Worldwide last year, measles cases soared in Europe, according to the WHO. There was a four-fold increase during 2017 with large outbreaks in one in four countries. Festivalgoers were urged to get the jab, after infection rates in England tripled in a year. “Over 20,000 cases of measles, and 35 lives lost in 2017 alone, are a tragedy we simply cannot accept,” said Dr Zsuzsanna Jakab, the WHO regional director for Europe, at the time. Romania, Italy and the Ukraine were worst hit.

Loss of confidence in the MMR vaccine, which is very effective, was blamed. There are ambitions to wipe out measles from the planet, but that will not be possible while confidence in the immunisation programmes is undermined. Dr Seth Berkley, CEO of Gavi, the Vaccine Alliance says vaccination in developed countries has never fully recovered since Wakefield’s initial claims, and that “the anti-vaccination campaigners he continues to spearhead” are “endangering the health of children across the world”.

The internet and social media have spread vaccine doubts and conspiracy theories around the world. Wakefield has said so himself. Social media has provided an alternative to the “failings of mainstream media”, he has said – another phrase that could have come from a tweet by the US president himself. “In this country, it’s become so polarised now … No one knows quite what to believe,” Wakefield said. “So, people are turning increasingly to social media.”

He has founded the Strategic Autism Initiative and the Autism Media Channel in Austin, which makes videos asserting a link between autism and the MMR vaccine.

As the Independent reported:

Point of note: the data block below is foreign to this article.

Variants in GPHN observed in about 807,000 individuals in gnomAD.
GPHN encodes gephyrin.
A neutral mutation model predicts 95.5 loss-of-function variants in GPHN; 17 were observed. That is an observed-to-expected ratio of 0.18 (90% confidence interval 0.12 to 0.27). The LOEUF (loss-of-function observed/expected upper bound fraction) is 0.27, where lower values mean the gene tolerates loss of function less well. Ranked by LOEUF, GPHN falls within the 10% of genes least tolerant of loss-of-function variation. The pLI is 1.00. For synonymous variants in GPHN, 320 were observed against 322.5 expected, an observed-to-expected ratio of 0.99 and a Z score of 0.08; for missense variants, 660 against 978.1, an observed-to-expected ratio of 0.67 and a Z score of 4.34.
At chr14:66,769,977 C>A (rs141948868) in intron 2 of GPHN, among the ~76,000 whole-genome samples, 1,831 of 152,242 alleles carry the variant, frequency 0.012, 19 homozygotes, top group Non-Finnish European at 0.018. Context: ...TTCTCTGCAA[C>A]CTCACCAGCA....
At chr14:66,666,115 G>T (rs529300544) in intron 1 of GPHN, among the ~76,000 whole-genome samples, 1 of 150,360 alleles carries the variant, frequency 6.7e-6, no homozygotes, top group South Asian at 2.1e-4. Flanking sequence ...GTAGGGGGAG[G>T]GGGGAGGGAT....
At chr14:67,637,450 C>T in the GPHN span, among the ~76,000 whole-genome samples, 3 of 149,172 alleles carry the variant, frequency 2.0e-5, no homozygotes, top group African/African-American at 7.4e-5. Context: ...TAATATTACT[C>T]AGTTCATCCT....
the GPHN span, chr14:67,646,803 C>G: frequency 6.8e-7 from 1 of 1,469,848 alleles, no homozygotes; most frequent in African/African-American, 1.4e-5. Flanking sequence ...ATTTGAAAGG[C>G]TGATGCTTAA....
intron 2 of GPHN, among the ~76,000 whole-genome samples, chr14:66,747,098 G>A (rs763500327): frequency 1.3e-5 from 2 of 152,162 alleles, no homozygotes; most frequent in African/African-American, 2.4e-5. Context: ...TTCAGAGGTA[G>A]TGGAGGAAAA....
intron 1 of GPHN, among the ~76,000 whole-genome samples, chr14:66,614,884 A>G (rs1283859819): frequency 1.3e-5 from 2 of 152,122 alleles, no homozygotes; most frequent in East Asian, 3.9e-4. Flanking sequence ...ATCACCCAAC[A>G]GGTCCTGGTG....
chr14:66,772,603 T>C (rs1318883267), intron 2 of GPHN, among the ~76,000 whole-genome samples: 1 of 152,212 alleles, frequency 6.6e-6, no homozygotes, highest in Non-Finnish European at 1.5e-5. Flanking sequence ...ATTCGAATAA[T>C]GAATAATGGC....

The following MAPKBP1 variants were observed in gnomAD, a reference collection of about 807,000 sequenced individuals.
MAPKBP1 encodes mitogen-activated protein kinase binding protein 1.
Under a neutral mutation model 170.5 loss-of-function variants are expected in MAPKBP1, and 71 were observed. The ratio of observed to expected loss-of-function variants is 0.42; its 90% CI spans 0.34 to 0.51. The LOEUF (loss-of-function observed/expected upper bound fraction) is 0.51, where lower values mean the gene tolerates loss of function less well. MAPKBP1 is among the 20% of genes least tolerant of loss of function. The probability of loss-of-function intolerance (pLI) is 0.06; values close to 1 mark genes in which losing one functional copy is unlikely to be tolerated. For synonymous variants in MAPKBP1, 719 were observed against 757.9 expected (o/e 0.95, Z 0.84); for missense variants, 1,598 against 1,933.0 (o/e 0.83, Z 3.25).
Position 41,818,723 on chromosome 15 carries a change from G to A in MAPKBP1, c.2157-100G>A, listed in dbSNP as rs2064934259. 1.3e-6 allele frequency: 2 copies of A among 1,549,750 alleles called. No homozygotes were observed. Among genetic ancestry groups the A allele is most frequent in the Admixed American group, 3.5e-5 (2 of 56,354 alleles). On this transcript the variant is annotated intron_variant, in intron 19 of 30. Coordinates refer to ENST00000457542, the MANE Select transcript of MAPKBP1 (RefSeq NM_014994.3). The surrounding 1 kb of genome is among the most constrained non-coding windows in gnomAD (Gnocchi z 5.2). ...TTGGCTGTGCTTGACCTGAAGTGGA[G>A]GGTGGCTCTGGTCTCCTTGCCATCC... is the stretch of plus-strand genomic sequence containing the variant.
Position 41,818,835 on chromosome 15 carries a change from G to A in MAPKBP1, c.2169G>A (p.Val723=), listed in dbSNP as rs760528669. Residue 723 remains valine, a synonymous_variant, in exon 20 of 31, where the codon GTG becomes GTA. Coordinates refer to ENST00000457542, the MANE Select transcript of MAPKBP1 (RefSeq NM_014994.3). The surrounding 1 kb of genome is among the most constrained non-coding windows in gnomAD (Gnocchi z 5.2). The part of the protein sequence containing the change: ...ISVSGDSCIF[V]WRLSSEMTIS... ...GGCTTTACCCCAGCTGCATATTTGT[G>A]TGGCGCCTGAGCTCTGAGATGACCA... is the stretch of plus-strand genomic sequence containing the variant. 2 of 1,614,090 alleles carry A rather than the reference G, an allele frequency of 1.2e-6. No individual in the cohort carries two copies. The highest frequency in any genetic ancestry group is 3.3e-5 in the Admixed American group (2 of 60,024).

The president claimed during a 2015 Republican debate that the child of an employee developed autism after receiving a vaccine, asserting a link that has been stridently disputed by the British and US governments’ leading experts and numerous peer-reviewed papers.

“You take this little, beautiful baby and you pump – I mean it looks just like it’s meant for a horse, not for a child,” Trump said, without providing further details.

In the summer of 2016, Wakefield was one of four anti-vaccine campaigners Trump met for 45 minutes, and he also attended one of his inauguration balls after Trump defeated Hillary Clinton in the presidential election. After he entered the White House, Trump is said to have considered appointing another vaccine sceptic, Robert F Kennedy, to head a commission to look into their safety. That idea currently appears stalled.

Asked about his meeting with Trump, Wakefield said: “I met him once before the election, when he was running for the presidency. We had a meeting in Florida. We were there, four of us representing the issue of autism and its link to immunisation.

“He interjected and said, ‘You don’t need to tell me that vaccines cause autism. I’ve seen it, I’ve seen it personally’. We went on to discuss the issue of the autism crisis that is set to affect 80 per cent of boys if nothing is done. He said if he was to be elected he’d do something about it.”

Asked if he was seeking to seize on the issue in the US because he had been disgraced in Britain, Wakefield, said: “I was discredited in the eyes of those who wanted to see me discredited. In other words, those who had an interest in maintaining the status quo.

None of this is good news.